“They play with a lot of confidence,” said Messingham. “Their defensive line has a lot of speed – all over the field but especially on their d-line. They’ve got a bunch of sacks this year and a bunch of tackles for a loss because of the speed that they play with.”
The thing is, Iowa State won the battle of the trenches on both sides of the ball on Sept. 1. Should that be the case again and Iowa State will have a good shot to end 2012 at 7-6.
Iowa State will however get its first look at Tulsa’s junior linebacker Shawn Jackson, who missed week one’s meeting due to suspension. Since coming back, Jackson has averaged 7.9 tackles per game with 8.5 tackles for a loss.
“Their tendencies have stayed pretty similar as far as the amount of blitzes that they bring,” said Messingham. “They’ve stayed pretty similar on the fronts that they run.”
3 keys to a Cyclone victory…
Special Teams – If you think back to the first meeting between these two teams, Iowa State’s poor kick return coverage gave Tulsa the ball in favorable field position multiple times in the first half. In fact, it’s the main reason that the Golden Hurricane led Iowa State 16-7 at the end of the first quarter.
Turnovers – Sam Richardson has yet to throw an interception in his career (knock on wood). We’ve already covered Cody Green’s accuracy issues. Should the Cyclones be able to limit Tulsa’s rushing attack, Iowa State’s secondary might have some opportunities in this one.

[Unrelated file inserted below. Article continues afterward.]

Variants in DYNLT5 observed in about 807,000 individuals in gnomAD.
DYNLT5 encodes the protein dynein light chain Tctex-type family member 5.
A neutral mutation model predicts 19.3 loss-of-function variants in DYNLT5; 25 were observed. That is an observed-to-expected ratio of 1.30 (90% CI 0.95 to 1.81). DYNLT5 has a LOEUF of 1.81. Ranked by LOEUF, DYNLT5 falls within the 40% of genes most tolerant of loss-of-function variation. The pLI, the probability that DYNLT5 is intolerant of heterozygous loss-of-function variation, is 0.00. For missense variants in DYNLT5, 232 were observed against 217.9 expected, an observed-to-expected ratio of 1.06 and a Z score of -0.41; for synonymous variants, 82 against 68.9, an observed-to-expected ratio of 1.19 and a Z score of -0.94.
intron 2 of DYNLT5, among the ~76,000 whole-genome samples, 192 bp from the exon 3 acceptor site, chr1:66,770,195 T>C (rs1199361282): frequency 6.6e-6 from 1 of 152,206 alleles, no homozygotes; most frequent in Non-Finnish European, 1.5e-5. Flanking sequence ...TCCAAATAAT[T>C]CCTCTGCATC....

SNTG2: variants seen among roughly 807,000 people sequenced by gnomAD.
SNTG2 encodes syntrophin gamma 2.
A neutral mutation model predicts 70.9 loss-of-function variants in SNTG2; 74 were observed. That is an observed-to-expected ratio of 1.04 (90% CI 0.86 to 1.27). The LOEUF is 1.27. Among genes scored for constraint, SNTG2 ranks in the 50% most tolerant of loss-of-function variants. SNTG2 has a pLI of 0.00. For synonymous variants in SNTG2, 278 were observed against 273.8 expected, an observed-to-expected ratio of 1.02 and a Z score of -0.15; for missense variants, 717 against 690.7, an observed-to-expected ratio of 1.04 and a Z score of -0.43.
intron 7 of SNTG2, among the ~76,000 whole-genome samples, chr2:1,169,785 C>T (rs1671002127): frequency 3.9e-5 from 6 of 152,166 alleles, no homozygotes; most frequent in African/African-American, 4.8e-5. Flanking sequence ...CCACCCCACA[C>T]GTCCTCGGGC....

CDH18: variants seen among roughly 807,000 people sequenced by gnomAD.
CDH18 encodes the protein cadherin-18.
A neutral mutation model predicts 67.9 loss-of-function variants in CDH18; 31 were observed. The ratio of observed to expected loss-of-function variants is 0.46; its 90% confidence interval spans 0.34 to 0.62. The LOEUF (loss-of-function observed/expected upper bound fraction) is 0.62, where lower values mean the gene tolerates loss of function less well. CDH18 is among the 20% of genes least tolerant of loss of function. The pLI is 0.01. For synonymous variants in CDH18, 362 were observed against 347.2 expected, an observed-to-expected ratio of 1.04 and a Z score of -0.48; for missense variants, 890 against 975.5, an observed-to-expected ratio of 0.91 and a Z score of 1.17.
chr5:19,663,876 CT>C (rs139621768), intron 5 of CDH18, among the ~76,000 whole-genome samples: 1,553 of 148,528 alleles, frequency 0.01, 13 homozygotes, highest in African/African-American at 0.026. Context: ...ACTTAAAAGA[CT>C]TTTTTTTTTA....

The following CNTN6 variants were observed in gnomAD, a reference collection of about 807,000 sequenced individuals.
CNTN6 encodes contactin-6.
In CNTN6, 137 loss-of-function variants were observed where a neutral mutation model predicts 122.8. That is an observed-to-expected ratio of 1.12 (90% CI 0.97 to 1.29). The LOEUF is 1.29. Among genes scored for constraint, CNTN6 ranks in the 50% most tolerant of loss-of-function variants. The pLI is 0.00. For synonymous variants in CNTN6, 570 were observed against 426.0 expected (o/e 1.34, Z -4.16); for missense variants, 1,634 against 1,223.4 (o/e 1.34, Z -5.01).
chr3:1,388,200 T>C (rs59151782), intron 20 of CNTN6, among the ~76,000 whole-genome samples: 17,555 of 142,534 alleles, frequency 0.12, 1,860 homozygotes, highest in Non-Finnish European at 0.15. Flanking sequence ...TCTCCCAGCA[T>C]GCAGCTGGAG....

Running game – I’ve spent so much time on the quarterbacks; I’ve barley mentioned Iowa State’s running game. Shontrelle Johnson is out. James White, Jeff Woody and DeVondrick Nealy will all get their opportunities. Which one of the three is ready to capitalize?
I don’t buy into the “hard to beat a team twice in one season” theory. In fact, I see this rematch working against Tulsa for a few reasons. For one, the Cyclones will have plenty of confidence. Iowa State won the first meeting by 15 points, dominated the trenches and the Cyclones have improved since then (as has Tulsa of course).
I also think that Iowa State learned something from its two touchdown loss to Rutgers in last year’s Pinstripe Bowl.
“They (Rutgers) changed almost everything with our reads because they knew that we read things in a certain way,” Knott told me. “They did a great job of game planning for that. You just have to be ready.”
And I think that the Cyclones will…Be ready that is – for just about anything.
“Go in with what you have right now – all of the film that you have from the year and if something changes, you’ve got to be ready to change with it and figure it out quick,” said Knott. “If you don’t, that’s when you get left behind.”
I think that scoreboard wise, this game will be closer than what we all witnessed in Ames on Sept. 1. But for me, it all comes down to this being a bad matchup for Tulsa’s offense going up against Iowa State’s defense. Cody Green just hasn’t shown me over the years that he can beat you with his arm. For Tulsa to win, he’ll have to do just that. If Iowa State’s offense shows up at all, I like the Cyclones to bring the Liberty Bowl trophy back to Ames.
Iowa State 31, Tulsa 21